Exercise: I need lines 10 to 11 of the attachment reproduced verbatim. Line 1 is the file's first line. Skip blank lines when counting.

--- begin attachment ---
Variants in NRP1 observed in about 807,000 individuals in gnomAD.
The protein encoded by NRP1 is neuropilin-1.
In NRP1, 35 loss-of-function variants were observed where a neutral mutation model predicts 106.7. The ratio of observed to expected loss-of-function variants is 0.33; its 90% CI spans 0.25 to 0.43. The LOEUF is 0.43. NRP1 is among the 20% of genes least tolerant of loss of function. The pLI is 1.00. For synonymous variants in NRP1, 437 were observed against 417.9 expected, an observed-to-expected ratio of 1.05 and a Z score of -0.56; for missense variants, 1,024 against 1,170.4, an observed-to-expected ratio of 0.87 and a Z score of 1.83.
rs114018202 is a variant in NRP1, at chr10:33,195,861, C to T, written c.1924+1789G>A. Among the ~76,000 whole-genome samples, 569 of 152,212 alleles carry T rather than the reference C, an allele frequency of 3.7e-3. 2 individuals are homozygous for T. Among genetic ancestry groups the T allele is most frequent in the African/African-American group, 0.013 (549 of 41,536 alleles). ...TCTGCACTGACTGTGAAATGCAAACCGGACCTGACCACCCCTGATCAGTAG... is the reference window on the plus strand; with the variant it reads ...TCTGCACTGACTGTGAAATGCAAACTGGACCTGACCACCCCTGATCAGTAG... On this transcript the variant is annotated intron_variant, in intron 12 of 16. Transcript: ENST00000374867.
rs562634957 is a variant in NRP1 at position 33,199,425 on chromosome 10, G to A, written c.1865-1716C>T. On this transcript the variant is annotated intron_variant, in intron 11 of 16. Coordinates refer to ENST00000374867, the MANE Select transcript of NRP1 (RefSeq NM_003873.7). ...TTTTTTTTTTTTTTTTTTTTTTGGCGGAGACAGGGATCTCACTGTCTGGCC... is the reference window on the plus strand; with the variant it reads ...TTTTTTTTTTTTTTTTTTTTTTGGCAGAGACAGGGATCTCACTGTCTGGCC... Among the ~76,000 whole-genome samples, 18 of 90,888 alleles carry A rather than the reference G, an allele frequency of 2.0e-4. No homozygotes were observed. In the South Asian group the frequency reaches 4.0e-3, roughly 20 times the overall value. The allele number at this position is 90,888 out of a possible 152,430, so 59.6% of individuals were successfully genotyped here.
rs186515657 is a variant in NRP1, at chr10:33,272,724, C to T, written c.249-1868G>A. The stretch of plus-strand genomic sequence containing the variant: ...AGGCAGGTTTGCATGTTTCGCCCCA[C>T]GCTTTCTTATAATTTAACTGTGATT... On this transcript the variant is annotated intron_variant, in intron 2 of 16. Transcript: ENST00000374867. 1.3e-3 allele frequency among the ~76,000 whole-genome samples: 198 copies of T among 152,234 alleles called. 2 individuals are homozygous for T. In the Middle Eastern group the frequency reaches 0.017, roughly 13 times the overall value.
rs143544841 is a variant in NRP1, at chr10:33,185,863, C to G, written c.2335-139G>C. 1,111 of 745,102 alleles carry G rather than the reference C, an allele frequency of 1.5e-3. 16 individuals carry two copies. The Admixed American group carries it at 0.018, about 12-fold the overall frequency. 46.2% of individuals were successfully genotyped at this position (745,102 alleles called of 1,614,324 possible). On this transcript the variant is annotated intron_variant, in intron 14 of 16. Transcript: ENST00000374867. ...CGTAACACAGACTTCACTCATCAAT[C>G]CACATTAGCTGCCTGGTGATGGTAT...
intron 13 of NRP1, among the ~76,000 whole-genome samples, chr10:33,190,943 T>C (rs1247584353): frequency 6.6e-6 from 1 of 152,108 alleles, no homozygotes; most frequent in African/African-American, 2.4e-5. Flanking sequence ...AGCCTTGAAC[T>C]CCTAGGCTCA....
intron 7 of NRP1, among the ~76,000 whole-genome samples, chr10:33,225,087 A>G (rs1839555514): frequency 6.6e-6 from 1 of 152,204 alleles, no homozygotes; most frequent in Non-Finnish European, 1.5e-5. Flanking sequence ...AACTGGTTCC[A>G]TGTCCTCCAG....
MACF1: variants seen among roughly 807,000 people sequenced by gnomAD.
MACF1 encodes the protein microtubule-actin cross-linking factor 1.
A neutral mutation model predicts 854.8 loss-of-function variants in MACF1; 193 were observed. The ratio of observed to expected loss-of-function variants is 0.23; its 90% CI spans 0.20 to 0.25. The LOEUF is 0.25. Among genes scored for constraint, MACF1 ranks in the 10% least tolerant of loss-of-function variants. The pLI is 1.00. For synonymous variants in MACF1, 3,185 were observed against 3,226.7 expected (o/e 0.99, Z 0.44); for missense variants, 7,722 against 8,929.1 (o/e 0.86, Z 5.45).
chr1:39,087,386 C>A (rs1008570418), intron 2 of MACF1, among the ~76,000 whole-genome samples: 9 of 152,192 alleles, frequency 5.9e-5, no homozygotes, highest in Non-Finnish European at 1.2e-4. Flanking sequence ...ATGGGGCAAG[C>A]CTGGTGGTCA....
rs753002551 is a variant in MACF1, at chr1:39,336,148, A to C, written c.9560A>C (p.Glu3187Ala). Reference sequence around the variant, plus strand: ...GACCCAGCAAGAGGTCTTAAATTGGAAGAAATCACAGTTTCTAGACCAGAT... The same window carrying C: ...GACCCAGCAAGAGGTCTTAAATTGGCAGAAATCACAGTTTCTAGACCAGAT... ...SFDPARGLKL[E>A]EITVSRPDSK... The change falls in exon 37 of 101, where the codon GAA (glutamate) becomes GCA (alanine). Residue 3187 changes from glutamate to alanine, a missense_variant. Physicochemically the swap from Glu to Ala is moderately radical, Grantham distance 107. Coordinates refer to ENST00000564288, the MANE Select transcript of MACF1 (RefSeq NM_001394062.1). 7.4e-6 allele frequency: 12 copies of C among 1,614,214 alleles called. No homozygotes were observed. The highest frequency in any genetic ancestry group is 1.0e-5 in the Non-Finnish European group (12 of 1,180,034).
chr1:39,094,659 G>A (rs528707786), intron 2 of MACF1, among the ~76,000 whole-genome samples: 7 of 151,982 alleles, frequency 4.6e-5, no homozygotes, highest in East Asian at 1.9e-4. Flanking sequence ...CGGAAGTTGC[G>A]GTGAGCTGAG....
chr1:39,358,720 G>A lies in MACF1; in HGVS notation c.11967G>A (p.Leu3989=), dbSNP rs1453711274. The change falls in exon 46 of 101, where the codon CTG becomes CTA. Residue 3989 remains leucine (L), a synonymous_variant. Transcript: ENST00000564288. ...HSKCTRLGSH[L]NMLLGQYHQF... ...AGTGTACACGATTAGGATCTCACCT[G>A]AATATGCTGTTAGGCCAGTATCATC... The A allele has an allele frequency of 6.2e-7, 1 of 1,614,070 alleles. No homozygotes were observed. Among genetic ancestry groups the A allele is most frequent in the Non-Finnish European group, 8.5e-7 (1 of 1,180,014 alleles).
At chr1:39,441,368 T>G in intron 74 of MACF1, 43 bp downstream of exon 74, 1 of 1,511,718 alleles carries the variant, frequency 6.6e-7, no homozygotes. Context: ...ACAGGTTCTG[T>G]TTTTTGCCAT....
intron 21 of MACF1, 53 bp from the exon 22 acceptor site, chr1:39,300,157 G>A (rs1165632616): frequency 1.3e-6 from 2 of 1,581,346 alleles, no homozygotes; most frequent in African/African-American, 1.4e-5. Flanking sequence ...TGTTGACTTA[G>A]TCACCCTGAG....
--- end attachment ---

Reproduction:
MACF1: variants seen among roughly 807,000 people sequenced by gnomAD.
MACF1 encodes the protein microtubule-actin cross-linking factor 1.